UK: Companies all at sea - CORPORATE SUCCESS AND THE YACHT.

UK: Companies all at sea - CORPORATE SUCCESS AND THE YACHT. - Ignore gearings, eschew P/E ratios: Toady has discovered an infallible indicator of the company performance, the Toady Index, algebraically: p = fy(+1)(super -1), where p is profitability and

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Last Updated: 31 Aug 2010

Ignore gearings, eschew P/E ratios: Toady has discovered an infallible indicator of the company performance, the Toady Index, algebraically: p = fy(+1)(super -1), where p is profitability and fy is the length of the chairman's yacht, expressed in feet. (Continental readers may use the metric integer "my" if they wish.). In mere layman's terms, the thesis behind the TIM (Toady Index Multiplier) is the existence of an inverse and exponential relationship between the length of the corporate gin palace and the company's performance in such less exalted indices as the Dow Jones and FT. In the argot of the common herd, the bigger the boat, the more likely the company is to sink.

If proof were needed of the TIM's efficacy, consider the case of the 180-ft craft now called (but not, one suspects, for much longer) the Lady Ghislaine, for sale at £15 million. All the world knows her role as the platform from which the late Captain Maxwell and his shares took their final dive: suffice to say that the latter seem unlikely to be tipped in the Telegraph's Best Buys for 92. Less known, is that the Lady Ghislaine was commissioned by arms dealer, Adnan Khashoggi, after which Khashoggi began to experience the odd financial problem. Queues for equity in Khashoggi Enterprises are understood to be short. Between times, the boat was sold to that prince of the vulgar, Donald Trump, and - well, let us not labour the point. But take note: unaware of the TIM's remorseless logic, Trump later commissioned an even bigger yacht, bashfully christened, the Trump Princess, also up for sale. You have been warned.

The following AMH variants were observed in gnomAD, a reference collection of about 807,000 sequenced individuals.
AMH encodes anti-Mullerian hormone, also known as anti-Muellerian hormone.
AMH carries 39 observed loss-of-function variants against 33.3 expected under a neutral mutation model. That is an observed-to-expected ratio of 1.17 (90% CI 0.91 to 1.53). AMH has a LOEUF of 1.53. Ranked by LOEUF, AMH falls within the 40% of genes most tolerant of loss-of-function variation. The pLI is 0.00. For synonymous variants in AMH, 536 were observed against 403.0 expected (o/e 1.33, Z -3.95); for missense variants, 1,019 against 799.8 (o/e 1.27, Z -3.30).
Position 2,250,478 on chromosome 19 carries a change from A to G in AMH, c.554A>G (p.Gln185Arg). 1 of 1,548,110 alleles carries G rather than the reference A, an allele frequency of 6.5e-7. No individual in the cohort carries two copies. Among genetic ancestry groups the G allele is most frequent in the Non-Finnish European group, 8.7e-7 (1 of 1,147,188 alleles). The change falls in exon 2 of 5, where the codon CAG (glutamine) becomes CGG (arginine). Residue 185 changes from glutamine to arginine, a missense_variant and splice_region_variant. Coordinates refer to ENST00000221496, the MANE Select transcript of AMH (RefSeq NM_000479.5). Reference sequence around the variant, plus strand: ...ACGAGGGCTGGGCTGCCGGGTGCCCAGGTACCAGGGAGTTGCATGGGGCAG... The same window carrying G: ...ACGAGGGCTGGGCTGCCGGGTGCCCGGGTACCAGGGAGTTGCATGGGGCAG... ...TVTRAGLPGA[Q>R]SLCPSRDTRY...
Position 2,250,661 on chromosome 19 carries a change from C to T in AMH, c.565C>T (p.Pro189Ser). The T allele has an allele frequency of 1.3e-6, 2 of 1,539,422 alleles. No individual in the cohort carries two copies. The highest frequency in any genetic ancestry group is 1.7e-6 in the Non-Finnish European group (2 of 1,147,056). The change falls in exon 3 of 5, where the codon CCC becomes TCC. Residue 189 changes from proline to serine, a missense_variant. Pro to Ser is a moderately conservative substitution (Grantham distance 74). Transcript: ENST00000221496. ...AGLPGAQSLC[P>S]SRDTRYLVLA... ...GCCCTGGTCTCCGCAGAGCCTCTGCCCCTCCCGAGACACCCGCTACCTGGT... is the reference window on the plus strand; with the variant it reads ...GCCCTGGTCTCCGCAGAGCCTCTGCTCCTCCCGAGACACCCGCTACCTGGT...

A fluke? Toady thinks not. Gerald Ronson lashes out on the 187-ft My Gail III and what happens? Guinness, Ford Open Prison and £1.2 billion's worth of debt for the Heron Group. Contrariwise, Peter de Savary wisely kept his Taramber to a mere 120 feet, and his liabilities to Blue Arrow are, as a result, a trifling £25 million. (As Mr de Savary, clearly an apologist for the TIM, recently told the Independent on Sunday, "I'm not going f????ing bust"). Similarly, Sir Nigel Broackes's Cardigrae VI (130 ft) resulted in a modest £29.1 million fall in profits at Trafalgar House. So who are the TISTAs (Toady's Index Shares To Avoid) for 92? It would be unprofessional to give the game away entirely, but here's a peep into Old Toady's Almanac. Tiny Rowland, NCP boss Don Gosling, "Bootiful" Bernard Matthews and Hanson henchman Lord White are all yacht-owners, though the lengths of their boats are unknown. Consult Lloyd's List, apply the TIM, and decide.

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